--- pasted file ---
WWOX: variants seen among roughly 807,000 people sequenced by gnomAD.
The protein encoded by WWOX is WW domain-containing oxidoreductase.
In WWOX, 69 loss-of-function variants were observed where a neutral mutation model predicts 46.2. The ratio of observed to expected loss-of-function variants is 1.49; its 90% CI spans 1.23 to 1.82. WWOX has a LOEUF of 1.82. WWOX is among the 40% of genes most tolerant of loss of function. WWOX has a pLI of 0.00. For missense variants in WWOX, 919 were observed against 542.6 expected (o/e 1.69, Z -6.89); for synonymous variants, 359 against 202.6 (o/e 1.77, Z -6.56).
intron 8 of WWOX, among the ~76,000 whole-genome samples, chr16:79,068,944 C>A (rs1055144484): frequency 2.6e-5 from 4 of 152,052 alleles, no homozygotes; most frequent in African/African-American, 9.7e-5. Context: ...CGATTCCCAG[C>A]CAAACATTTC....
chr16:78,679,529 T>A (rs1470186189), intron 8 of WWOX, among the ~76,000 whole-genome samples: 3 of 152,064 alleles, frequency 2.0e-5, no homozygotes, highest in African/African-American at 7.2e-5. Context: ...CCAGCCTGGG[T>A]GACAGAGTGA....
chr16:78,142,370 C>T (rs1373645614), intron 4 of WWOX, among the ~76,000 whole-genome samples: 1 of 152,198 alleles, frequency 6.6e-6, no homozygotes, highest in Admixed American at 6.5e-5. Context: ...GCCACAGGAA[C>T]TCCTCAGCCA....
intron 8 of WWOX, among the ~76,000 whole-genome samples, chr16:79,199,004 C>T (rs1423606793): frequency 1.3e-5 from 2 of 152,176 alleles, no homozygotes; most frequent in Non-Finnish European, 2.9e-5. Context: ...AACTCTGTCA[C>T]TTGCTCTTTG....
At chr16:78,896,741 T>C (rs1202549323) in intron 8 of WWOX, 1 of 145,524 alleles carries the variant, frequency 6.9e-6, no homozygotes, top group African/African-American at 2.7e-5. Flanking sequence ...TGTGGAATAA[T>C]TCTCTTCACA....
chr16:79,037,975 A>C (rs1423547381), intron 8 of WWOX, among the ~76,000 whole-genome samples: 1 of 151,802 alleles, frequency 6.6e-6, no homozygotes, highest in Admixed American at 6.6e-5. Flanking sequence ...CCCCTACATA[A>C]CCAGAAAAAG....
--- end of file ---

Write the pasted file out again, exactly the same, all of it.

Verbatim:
WWOX: variants seen among roughly 807,000 people sequenced by gnomAD.
The protein encoded by WWOX is WW domain-containing oxidoreductase.
In WWOX, 69 loss-of-function variants were observed where a neutral mutation model predicts 46.2. The ratio of observed to expected loss-of-function variants is 1.49; its 90% CI spans 1.23 to 1.82. WWOX has a LOEUF of 1.82. WWOX is among the 40% of genes most tolerant of loss of function. WWOX has a pLI of 0.00. For missense variants in WWOX, 919 were observed against 542.6 expected (o/e 1.69, Z -6.89); for synonymous variants, 359 against 202.6 (o/e 1.77, Z -6.56).
intron 8 of WWOX, among the ~76,000 whole-genome samples, chr16:79,068,944 C>A (rs1055144484): frequency 2.6e-5 from 4 of 152,052 alleles, no homozygotes; most frequent in African/African-American, 9.7e-5. Context: ...CGATTCCCAG[C>A]CAAACATTTC....
chr16:78,679,529 T>A (rs1470186189), intron 8 of WWOX, among the ~76,000 whole-genome samples: 3 of 152,064 alleles, frequency 2.0e-5, no homozygotes, highest in African/African-American at 7.2e-5. Context: ...CCAGCCTGGG[T>A]GACAGAGTGA....
chr16:78,142,370 C>T (rs1373645614), intron 4 of WWOX, among the ~76,000 whole-genome samples: 1 of 152,198 alleles, frequency 6.6e-6, no homozygotes, highest in Admixed American at 6.5e-5. Context: ...GCCACAGGAA[C>T]TCCTCAGCCA....
intron 8 of WWOX, among the ~76,000 whole-genome samples, chr16:79,199,004 C>T (rs1423606793): frequency 1.3e-5 from 2 of 152,176 alleles, no homozygotes; most frequent in Non-Finnish European, 2.9e-5. Context: ...AACTCTGTCA[C>T]TTGCTCTTTG....
At chr16:78,896,741 T>C (rs1202549323) in intron 8 of WWOX, 1 of 145,524 alleles carries the variant, frequency 6.9e-6, no homozygotes, top group African/African-American at 2.7e-5. Flanking sequence ...TGTGGAATAA[T>C]TCTCTTCACA....
chr16:79,037,975 A>C (rs1423547381), intron 8 of WWOX, among the ~76,000 whole-genome samples: 1 of 151,802 alleles, frequency 6.6e-6, no homozygotes, highest in Admixed American at 6.6e-5. Flanking sequence ...CCCCTACATA[A>C]CCAGAAAAAG....